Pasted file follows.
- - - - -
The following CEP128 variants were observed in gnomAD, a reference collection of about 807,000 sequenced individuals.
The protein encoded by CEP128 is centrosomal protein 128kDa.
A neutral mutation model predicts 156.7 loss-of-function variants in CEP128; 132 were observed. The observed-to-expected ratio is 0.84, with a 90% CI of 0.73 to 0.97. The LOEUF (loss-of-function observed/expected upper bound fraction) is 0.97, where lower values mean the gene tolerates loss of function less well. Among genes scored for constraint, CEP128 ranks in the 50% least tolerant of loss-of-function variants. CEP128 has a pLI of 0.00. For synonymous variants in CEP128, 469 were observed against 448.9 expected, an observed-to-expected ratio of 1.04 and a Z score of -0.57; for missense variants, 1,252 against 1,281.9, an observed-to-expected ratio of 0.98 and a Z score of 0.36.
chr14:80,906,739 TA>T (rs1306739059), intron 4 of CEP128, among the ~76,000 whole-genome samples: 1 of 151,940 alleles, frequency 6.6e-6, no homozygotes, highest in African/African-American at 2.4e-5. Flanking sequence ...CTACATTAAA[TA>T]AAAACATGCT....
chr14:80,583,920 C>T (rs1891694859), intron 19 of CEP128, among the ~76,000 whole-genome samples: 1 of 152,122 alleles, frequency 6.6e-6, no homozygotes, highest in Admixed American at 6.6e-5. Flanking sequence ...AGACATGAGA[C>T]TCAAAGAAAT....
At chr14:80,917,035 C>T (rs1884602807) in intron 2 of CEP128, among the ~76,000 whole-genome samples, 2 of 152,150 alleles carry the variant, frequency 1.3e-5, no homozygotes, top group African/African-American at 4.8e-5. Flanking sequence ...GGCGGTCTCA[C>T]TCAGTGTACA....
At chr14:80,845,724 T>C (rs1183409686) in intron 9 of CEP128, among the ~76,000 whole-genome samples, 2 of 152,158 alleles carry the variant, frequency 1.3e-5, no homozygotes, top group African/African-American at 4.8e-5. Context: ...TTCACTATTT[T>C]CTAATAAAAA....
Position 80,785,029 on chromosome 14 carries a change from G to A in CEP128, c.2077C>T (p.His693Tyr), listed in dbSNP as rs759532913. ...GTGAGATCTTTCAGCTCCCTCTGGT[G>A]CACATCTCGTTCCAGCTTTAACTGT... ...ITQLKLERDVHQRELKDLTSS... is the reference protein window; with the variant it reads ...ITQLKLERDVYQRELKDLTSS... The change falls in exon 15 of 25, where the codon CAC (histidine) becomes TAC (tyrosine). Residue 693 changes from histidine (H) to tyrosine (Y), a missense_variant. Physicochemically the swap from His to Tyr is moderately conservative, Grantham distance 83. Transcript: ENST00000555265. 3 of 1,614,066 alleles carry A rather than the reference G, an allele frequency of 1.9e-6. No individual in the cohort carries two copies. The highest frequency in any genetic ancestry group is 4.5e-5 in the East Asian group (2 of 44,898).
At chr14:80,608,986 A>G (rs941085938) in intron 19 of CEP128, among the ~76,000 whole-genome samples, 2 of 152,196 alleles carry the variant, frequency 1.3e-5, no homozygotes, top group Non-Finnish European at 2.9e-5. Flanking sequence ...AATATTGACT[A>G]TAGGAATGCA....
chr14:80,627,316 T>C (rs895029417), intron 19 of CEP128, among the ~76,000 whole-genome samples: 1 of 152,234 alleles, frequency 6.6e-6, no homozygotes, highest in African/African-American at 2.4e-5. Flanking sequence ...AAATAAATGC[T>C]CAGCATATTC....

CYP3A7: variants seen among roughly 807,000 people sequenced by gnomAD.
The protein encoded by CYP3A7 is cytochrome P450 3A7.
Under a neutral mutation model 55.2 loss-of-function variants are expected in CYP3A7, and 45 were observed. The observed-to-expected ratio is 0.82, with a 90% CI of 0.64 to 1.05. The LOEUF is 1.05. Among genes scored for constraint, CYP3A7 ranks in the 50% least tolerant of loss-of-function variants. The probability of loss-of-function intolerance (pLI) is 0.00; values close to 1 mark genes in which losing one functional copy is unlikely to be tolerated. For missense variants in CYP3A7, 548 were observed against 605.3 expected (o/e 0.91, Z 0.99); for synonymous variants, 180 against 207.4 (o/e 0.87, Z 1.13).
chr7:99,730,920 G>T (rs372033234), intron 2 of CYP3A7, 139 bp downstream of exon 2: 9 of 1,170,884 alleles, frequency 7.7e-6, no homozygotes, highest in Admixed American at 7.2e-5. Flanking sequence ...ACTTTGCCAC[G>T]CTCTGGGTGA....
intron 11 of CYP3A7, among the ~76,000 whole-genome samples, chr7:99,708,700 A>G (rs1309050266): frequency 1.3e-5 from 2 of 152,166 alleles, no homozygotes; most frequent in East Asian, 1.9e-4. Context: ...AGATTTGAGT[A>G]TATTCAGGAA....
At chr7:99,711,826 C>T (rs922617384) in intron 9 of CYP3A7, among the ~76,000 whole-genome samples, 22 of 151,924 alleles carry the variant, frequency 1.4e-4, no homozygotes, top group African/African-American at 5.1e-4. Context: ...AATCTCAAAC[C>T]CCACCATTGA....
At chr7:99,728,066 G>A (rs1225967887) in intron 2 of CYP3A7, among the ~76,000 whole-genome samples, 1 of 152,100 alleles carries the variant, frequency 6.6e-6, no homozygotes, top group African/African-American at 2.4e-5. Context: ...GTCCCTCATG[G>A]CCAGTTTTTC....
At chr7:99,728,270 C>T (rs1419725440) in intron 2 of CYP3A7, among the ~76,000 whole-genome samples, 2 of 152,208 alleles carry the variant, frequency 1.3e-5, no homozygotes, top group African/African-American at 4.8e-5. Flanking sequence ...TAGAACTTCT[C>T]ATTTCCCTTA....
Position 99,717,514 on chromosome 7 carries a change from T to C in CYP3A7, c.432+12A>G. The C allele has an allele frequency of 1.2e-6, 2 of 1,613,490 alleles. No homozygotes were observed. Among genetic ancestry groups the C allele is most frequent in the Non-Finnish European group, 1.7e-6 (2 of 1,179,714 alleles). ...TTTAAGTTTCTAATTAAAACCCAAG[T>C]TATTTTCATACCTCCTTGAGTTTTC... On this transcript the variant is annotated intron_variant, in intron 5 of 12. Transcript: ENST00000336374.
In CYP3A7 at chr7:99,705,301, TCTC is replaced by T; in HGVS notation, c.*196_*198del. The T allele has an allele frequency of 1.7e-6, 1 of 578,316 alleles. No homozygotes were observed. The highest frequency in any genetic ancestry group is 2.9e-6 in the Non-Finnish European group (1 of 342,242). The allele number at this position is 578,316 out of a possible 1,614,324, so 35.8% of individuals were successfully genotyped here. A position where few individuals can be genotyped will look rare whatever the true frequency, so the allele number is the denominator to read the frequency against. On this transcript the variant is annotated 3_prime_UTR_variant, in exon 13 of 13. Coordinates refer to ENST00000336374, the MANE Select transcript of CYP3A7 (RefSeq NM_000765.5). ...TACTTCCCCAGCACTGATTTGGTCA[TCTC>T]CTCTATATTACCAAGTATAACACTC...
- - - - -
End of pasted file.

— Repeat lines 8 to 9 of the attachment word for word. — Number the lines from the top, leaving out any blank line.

Position 80,785,029 on chromosome 14 carries a change from G to A in CEP128, c.2077C>T (p.His693Tyr), listed in dbSNP as rs759532913. ...GTGAGATCTTTCAGCTCCCTCTGGT[G>A]CACATCTCGTTCCAGCTTTAACTGT... ...ITQLKLERDVHQRELKDLTSS... is the reference protein window; with the variant it reads ...ITQLKLERDVYQRELKDLTSS... The change falls in exon 15 of 25, where the codon CAC (histidine) becomes TAC (tyrosine). Residue 693 changes from histidine (H) to tyrosine (Y), a missense_variant. Physicochemically the swap from His to Tyr is moderately conservative, Grantham distance 83. Transcript: ENST00000555265. 3 of 1,614,066 alleles carry A rather than the reference G, an allele frequency of 1.9e-6. No individual in the cohort carries two copies. The highest frequency in any genetic ancestry group is 4.5e-5 in the East Asian group (2 of 44,898).
At chr14:80,608,986 A>G (rs941085938) in intron 19 of CEP128, among the ~76,000 whole-genome samples, 2 of 152,196 alleles carry the variant, frequency 1.3e-5, no homozygotes, top group Non-Finnish European at 2.9e-5. Flanking sequence ...AATATTGACT[A>G]TAGGAATGCA....